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J.R. Quinlan (1986). Induction of Decision Trees, Machine Learning, (1), 81-106

  author =       "J. R. Quinlan",
  title =        "Induction of Decision Trees",
  booktitle =    "Readings in Machine Learning",
  publisher =    "Morgan Kaufmann",
  year =         "1990",
  editor =       "Jude W. Shavlik and Thomas G. Dietterich",
  note =         "Originally published in {\em Machine Learning}
                 1:81--106, 1986",

Author of the summary: David Furcy, 1999, dfurcy@cc.gatech.edu

Cite this paper for:


The paper describes a class of decision tree learning methods to perform supervised, batch (non-incremental) inductive learning (e.g., concept learning) and classification tasks. ID3 and ASSISTANT are two instances of this class. The learned decision tree should capture relevant relationships between attributes' values and class information. In addition, such systems typically use information-based heuristics to bias their learning towards shallower trees. The paper also describes several ways to extend the basic algorithm to handle noisy and/or incomplete data, as well as continuous attribute values.

Detailed outline

Induction task

input: A set of training examples, i.e. objects described as a conjunction of discrete-valued attributes. One particular attribute is chosen as the class of the example.

output: A classification rule (in the form of a decision tree) which, given an object, returns a class.

decision trees (DT)
Every leaf node represents a class (several nodes can represent the same class). If there are only two distinct classes, the induction task reduces to concept learning.
Each inner node represents an attribute and has one child for each of the attribute's values.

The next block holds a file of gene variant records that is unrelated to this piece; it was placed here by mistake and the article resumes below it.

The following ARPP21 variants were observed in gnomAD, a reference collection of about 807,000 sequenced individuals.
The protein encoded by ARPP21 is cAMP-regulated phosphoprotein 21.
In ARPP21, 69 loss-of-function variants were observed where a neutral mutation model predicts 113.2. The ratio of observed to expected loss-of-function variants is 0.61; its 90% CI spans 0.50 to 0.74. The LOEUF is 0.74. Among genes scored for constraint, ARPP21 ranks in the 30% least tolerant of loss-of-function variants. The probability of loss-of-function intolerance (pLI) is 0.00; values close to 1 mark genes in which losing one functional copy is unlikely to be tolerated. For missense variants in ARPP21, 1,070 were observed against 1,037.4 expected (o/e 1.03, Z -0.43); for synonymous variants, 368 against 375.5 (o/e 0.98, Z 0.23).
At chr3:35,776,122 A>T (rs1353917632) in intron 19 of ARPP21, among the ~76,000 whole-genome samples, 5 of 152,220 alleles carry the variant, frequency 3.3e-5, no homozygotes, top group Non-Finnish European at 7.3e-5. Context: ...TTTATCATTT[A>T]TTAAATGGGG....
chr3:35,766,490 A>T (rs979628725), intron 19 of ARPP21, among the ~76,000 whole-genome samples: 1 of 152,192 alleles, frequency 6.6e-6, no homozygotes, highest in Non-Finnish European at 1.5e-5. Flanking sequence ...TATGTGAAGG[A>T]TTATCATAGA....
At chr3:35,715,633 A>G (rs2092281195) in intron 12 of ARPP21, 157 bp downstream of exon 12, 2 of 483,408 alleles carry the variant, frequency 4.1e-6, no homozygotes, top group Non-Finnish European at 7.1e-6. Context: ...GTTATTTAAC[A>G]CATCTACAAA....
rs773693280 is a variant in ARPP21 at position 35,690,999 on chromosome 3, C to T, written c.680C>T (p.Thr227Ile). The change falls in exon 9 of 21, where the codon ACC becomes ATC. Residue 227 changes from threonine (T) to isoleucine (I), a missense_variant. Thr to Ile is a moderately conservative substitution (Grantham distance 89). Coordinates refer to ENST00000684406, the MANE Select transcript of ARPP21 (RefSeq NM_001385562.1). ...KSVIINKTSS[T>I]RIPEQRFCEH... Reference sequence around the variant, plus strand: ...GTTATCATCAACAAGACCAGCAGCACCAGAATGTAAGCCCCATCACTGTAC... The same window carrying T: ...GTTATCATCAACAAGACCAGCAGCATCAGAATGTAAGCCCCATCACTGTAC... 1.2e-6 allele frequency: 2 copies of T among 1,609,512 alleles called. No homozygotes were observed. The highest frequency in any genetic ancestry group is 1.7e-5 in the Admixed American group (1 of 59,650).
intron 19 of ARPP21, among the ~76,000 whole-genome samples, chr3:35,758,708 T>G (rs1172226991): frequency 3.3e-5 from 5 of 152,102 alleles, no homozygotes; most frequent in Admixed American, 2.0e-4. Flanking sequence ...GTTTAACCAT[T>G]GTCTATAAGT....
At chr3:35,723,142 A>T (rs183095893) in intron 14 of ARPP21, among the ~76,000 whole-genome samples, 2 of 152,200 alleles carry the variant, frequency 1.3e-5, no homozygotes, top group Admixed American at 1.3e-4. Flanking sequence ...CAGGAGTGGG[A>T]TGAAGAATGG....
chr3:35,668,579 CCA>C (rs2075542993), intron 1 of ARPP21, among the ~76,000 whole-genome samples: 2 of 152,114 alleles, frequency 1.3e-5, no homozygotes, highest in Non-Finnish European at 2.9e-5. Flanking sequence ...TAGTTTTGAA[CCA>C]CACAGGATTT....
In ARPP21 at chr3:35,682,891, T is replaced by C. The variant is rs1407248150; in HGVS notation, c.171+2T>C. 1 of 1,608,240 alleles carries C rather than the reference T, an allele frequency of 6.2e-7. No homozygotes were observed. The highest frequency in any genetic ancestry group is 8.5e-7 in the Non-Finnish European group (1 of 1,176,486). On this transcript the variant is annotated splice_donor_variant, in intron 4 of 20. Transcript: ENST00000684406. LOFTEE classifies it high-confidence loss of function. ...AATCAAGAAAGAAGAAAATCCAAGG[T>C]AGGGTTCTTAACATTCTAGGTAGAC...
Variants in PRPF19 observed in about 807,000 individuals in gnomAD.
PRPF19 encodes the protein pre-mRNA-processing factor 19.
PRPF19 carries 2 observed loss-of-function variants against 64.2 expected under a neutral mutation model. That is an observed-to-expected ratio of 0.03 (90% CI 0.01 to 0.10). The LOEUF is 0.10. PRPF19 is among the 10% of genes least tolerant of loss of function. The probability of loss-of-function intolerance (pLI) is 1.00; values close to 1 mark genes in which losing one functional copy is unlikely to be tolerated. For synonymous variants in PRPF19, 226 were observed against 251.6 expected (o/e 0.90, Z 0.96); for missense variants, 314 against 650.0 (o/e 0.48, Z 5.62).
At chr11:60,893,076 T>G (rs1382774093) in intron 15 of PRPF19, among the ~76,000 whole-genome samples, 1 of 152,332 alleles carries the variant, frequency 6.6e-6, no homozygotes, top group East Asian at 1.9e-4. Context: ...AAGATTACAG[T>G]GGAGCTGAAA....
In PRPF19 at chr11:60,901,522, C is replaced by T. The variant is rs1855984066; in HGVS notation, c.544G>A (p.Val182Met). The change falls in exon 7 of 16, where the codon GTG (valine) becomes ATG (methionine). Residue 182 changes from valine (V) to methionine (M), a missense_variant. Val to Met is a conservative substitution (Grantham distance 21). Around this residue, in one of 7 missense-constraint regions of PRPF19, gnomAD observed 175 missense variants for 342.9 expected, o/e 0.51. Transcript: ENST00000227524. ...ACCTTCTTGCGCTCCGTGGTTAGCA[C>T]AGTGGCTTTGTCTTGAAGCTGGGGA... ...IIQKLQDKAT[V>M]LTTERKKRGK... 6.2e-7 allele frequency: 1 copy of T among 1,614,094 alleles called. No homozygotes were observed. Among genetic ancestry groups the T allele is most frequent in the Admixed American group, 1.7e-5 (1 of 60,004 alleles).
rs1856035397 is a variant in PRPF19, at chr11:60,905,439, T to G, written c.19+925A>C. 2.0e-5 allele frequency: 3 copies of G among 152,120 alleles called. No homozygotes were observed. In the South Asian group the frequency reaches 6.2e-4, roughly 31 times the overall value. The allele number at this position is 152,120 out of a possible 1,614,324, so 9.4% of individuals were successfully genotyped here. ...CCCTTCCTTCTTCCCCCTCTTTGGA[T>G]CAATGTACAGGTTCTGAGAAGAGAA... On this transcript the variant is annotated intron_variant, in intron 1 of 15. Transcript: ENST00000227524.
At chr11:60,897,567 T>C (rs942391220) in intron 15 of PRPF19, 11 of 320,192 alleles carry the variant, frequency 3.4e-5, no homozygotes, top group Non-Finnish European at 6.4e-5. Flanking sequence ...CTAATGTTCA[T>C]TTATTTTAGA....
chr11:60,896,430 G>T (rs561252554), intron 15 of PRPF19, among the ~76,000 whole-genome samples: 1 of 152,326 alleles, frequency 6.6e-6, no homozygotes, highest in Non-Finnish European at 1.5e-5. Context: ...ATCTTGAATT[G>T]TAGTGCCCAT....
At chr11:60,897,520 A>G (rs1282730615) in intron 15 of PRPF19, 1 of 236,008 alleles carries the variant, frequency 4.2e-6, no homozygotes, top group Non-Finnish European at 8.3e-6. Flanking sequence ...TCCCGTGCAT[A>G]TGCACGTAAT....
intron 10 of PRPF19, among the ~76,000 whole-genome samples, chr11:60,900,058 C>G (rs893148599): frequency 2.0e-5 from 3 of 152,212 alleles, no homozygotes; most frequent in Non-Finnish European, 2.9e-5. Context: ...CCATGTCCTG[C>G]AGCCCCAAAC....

When classifying an object O, start with the attribute A represented at the root. Go down the branch corresponding to the value of A for O, and so on until a leaf node is reached. That's the class of O.

ID3-type algorithms

To perform induction, start with a set of objects (training examples) C. Choose an attribute A as the root node. Create as many children as the number of values for A. If all the objects in C belong to the same class, stop with a leaf labelled with that class name. Otherwise, distribute the objects in C among the children nodes according to their value for A. Iterate the process for each child.

The main issue is "which attribute to split on at each iteration?" Since many DT's exist that correctly classify the training set, a smaller one is usually preferred (Occam's Razor). But finding the smallest DT is NP-complete. So we need a heuristic.

This paper advocates the use of information theory: the quantity of information I is a real number between 0 and 1 that characterizes the amount of uncertainty in a set C w.r.t. class membership. I=0 if all objects in C belong to the same class. I=1 if they are evenly distributed between two classes. At each iteration, the heuristic minimizes I.

How to deal with noise

Noise in the data can take the form of wrong attribute values (including class information). With noisy data, attributes may become inadequate (not able to discriminate between objects) and DT's can unnecessarily grow in size to fit the noisy data (overfitting).

Overfitting can be avoided by testing the relevance of an attribute for splitting using chi-square-like statistical tests.
If a leaf contains instances of several classes (due, e.g., to inadequate attributes), a label can either be uniquely chosen as the most represented class or based on a probabilistic class membership.

Unknown attribute values

Other information-based heuristics

The information-gain heuristic favors attributes with many values (independently of their relevance).

Subset heuristic: ASSISTANT imposes that all tests be binary by grouping subsets of values together. This heuristic produces smaller trees but they seem less intelligible. It can also be used to deal with coninuous attributes. It is computationally expensive.

Gain-ratio heuristic:
 gain ratio = --------------
               info_value(A)   --> amount of uncertainty in A's values
Among the attributes with above averagegain, choose the one that maximizes this ratio. This heuristic gives smaller trees when the attributes are binary.

Other heuristics: Other, non information-based heuristics (such as statistical) are mentioned.

Summary author's notes:

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